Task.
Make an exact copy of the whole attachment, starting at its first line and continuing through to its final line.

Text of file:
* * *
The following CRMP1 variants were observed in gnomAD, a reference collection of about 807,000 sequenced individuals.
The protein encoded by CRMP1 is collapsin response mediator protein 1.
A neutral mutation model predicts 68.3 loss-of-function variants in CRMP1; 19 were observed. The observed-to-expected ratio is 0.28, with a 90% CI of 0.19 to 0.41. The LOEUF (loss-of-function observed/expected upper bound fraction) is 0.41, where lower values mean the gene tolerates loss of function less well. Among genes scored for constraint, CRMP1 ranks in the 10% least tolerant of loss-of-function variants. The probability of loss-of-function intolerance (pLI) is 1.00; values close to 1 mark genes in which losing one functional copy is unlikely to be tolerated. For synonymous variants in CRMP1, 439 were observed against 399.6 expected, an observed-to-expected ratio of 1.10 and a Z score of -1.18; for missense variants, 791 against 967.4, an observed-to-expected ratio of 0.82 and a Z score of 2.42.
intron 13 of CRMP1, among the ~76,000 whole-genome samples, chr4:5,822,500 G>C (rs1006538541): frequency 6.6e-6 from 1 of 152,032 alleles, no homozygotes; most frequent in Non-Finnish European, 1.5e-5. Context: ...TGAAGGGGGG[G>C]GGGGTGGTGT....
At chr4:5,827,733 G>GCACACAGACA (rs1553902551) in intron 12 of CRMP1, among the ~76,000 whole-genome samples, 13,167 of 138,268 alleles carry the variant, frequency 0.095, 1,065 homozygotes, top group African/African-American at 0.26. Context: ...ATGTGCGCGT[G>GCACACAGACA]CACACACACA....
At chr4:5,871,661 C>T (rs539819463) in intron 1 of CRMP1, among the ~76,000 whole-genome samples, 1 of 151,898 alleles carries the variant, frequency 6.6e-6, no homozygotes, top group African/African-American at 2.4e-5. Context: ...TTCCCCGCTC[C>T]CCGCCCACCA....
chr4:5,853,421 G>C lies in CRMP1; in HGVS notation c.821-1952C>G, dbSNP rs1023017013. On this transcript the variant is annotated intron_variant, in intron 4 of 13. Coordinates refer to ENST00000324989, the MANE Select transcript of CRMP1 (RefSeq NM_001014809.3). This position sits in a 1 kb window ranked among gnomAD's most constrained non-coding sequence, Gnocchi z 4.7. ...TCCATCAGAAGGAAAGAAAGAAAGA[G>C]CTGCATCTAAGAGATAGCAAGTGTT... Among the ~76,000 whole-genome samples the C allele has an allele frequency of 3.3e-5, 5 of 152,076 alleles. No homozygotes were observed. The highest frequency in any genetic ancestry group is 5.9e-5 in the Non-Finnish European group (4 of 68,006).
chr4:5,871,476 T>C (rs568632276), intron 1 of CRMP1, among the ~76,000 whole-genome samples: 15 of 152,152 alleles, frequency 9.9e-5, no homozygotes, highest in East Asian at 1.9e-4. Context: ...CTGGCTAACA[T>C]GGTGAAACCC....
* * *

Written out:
The following CRMP1 variants were observed in gnomAD, a reference collection of about 807,000 sequenced individuals.
The protein encoded by CRMP1 is collapsin response mediator protein 1.
A neutral mutation model predicts 68.3 loss-of-function variants in CRMP1; 19 were observed. The observed-to-expected ratio is 0.28, with a 90% CI of 0.19 to 0.41. The LOEUF (loss-of-function observed/expected upper bound fraction) is 0.41, where lower values mean the gene tolerates loss of function less well. Among genes scored for constraint, CRMP1 ranks in the 10% least tolerant of loss-of-function variants. The probability of loss-of-function intolerance (pLI) is 1.00; values close to 1 mark genes in which losing one functional copy is unlikely to be tolerated. For synonymous variants in CRMP1, 439 were observed against 399.6 expected, an observed-to-expected ratio of 1.10 and a Z score of -1.18; for missense variants, 791 against 967.4, an observed-to-expected ratio of 0.82 and a Z score of 2.42.
intron 13 of CRMP1, among the ~76,000 whole-genome samples, chr4:5,822,500 G>C (rs1006538541): frequency 6.6e-6 from 1 of 152,032 alleles, no homozygotes; most frequent in Non-Finnish European, 1.5e-5. Context: ...TGAAGGGGGG[G>C]GGGGTGGTGT....
At chr4:5,827,733 G>GCACACAGACA (rs1553902551) in intron 12 of CRMP1, among the ~76,000 whole-genome samples, 13,167 of 138,268 alleles carry the variant, frequency 0.095, 1,065 homozygotes, top group African/African-American at 0.26. Context: ...ATGTGCGCGT[G>GCACACAGACA]CACACACACA....
At chr4:5,871,661 C>T (rs539819463) in intron 1 of CRMP1, among the ~76,000 whole-genome samples, 1 of 151,898 alleles carries the variant, frequency 6.6e-6, no homozygotes, top group African/African-American at 2.4e-5. Context: ...TTCCCCGCTC[C>T]CCGCCCACCA....
chr4:5,853,421 G>C lies in CRMP1; in HGVS notation c.821-1952C>G, dbSNP rs1023017013. On this transcript the variant is annotated intron_variant, in intron 4 of 13. Coordinates refer to ENST00000324989, the MANE Select transcript of CRMP1 (RefSeq NM_001014809.3). This position sits in a 1 kb window ranked among gnomAD's most constrained non-coding sequence, Gnocchi z 4.7. ...TCCATCAGAAGGAAAGAAAGAAAGA[G>C]CTGCATCTAAGAGATAGCAAGTGTT... Among the ~76,000 whole-genome samples the C allele has an allele frequency of 3.3e-5, 5 of 152,076 alleles. No homozygotes were observed. The highest frequency in any genetic ancestry group is 5.9e-5 in the Non-Finnish European group (4 of 68,006).
chr4:5,871,476 T>C (rs568632276), intron 1 of CRMP1, among the ~76,000 whole-genome samples: 15 of 152,152 alleles, frequency 9.9e-5, no homozygotes, highest in East Asian at 1.9e-4. Context: ...CTGGCTAACA[T>C]GGTGAAACCC....